SEBI introduces the Settlement Proceedings Regulations 2018
Image Source: Insead Knowledge

The Securities and Exchange Board of India announced the introduction of the SEBI (Settlement Proceedings) Regulations 2018, on November 30, 2018. Replacing the SEBI (Settlement of Administrative and Civil Proceedings) Regulations, 2014, it will take effect from January 1, 2019.


As per the new rules outlined, a default will not be settled if SEBI opines that it has caused losses to a large number of investors and has compromised the integrity of the market. There will also be no room for the settlement of offences by persons falling into a certain category. The SEBI will not be settling those proceedings where the applicant is known to be a wilful defaulter or is a fugitive economic offender. This rule also extends to those people who have been found to default in the payment of any penalty or fee imposed under the securities law.


There has been an extension to the boundaries encompassing the term “Securities Laws”. The new regulation defines “securities laws” to include any “other law which is administered by the Board and is relevant to the rules and regulations thereunder”. SEBI is also allowed to settle, or subject to certain exception, any proceedings that have contributed towards the violation of the “securities laws”. In order to benefit the applicants who cooperative in providing “substantial assistance in the investigation, inspection, inquiry or audit, which is to be initiated or is already ongoing, against any other person with regards to the violation of the securities laws”. The new changes are aligned with the global practices of securities regulators.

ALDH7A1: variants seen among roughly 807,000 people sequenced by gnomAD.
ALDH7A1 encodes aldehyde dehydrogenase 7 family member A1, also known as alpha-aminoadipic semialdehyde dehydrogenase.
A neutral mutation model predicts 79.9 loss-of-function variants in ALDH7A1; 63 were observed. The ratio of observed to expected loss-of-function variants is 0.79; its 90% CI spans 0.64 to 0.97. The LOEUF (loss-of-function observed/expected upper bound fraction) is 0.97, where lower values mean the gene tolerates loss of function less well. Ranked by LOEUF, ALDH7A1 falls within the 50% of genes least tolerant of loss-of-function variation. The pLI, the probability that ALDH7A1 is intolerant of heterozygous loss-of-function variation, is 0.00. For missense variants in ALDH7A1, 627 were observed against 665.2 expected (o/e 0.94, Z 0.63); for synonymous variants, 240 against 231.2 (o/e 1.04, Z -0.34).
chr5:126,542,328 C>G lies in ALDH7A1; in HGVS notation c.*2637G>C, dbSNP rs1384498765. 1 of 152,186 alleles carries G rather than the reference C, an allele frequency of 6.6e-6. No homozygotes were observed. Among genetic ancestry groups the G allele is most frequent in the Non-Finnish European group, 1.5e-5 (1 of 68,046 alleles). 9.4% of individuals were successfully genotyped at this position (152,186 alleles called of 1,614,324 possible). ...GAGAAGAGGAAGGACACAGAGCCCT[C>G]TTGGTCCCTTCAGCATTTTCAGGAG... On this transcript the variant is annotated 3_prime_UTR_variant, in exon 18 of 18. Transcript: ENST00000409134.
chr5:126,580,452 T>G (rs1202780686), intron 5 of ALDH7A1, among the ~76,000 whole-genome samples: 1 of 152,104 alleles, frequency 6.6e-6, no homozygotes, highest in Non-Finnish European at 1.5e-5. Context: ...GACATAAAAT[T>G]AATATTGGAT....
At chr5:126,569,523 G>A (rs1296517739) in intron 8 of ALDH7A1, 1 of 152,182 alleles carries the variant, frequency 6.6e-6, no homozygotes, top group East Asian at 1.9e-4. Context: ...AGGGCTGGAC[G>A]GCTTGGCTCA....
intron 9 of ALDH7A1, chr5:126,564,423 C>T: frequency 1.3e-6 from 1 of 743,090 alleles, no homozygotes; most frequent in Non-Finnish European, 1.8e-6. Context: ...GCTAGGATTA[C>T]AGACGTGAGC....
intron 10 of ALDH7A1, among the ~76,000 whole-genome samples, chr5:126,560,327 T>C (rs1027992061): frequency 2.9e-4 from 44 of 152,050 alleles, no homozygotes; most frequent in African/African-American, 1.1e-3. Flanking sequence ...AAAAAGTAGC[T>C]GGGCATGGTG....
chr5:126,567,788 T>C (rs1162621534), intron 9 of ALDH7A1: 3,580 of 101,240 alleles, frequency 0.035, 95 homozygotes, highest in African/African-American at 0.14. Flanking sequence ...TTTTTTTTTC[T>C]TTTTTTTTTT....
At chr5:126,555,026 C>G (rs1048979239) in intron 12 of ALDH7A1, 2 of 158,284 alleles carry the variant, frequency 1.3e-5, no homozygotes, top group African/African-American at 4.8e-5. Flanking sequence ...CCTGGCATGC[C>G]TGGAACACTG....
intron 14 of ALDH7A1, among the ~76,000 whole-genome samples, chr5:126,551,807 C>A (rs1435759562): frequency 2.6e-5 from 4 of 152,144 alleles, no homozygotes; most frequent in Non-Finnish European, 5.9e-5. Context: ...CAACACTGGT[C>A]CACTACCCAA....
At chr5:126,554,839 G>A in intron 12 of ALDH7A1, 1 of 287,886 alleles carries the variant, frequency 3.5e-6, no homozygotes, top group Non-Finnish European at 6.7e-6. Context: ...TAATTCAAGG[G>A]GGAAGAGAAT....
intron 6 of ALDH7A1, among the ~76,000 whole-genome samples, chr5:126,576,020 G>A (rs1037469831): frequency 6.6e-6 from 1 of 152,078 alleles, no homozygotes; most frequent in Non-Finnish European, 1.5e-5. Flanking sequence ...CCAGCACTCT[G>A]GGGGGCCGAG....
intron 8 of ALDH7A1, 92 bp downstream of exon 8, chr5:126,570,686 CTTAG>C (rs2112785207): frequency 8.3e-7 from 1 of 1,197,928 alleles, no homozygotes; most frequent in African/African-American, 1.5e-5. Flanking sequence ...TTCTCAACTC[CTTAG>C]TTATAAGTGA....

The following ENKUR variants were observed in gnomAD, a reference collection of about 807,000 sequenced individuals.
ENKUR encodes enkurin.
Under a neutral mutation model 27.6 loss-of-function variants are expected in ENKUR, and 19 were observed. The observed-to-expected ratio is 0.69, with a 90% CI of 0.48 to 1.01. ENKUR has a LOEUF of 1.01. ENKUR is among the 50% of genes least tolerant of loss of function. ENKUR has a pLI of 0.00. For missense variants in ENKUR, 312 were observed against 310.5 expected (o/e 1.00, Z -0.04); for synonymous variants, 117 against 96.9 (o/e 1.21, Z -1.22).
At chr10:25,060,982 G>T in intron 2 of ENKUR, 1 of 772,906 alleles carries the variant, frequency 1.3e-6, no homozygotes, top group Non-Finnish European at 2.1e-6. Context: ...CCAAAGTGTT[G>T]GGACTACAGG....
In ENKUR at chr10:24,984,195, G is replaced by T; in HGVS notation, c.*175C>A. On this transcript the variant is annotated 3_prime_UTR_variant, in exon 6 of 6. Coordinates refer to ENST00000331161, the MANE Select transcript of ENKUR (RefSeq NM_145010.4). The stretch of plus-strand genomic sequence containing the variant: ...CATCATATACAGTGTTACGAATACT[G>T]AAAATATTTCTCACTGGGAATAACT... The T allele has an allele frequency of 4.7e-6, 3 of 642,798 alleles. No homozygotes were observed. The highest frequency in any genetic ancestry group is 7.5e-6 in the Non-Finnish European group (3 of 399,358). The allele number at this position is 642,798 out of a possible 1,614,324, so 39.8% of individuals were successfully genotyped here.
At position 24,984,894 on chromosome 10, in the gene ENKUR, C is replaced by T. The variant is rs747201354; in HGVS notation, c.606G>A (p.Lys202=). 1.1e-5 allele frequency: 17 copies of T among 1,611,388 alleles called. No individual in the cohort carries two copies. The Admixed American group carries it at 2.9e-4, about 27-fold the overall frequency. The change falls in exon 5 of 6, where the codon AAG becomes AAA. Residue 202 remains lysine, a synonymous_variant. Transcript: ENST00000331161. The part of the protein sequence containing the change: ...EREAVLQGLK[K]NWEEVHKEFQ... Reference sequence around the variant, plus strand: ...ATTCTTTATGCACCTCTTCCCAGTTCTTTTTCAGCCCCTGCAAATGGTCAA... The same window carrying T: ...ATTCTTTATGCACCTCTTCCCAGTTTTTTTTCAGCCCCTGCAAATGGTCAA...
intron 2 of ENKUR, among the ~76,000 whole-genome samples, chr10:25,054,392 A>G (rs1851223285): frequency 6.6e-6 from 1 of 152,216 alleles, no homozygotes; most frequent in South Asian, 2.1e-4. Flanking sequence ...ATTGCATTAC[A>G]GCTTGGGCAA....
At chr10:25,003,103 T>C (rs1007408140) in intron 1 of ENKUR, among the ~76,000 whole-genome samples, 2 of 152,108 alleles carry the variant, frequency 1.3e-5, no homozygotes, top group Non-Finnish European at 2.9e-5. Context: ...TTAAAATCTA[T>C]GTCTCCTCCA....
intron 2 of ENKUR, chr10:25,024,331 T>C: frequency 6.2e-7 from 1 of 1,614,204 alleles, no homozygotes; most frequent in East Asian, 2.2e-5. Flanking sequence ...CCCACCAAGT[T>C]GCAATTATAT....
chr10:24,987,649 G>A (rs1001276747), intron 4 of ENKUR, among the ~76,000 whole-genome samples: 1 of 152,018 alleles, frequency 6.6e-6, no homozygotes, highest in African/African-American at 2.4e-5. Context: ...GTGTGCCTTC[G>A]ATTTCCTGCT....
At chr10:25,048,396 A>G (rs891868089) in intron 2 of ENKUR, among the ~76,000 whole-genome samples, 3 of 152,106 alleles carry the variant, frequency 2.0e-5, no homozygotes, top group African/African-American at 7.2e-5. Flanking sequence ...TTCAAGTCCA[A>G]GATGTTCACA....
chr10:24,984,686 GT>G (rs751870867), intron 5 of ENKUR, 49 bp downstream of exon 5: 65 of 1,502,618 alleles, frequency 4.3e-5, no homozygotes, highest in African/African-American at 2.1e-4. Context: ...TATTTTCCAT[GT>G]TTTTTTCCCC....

The SEBI settlement terms will include both monetary as well as non-monetary elements along with the possibility of a combination of both. Suspension or cessation of business operation for a certain period of time will qualify for non-monetary terms. This category will also include offences like “submission of incorrect or enhanced internal audit and reporting requirements, exit from the management of a company, disgorgement on account of the action or inaction of the applicant, locking in securities, etc”.


The move is hailed one going in the right direction as this will ensure repeat offenders and those committing serious offences are prohibited from making use of the settlement clause.


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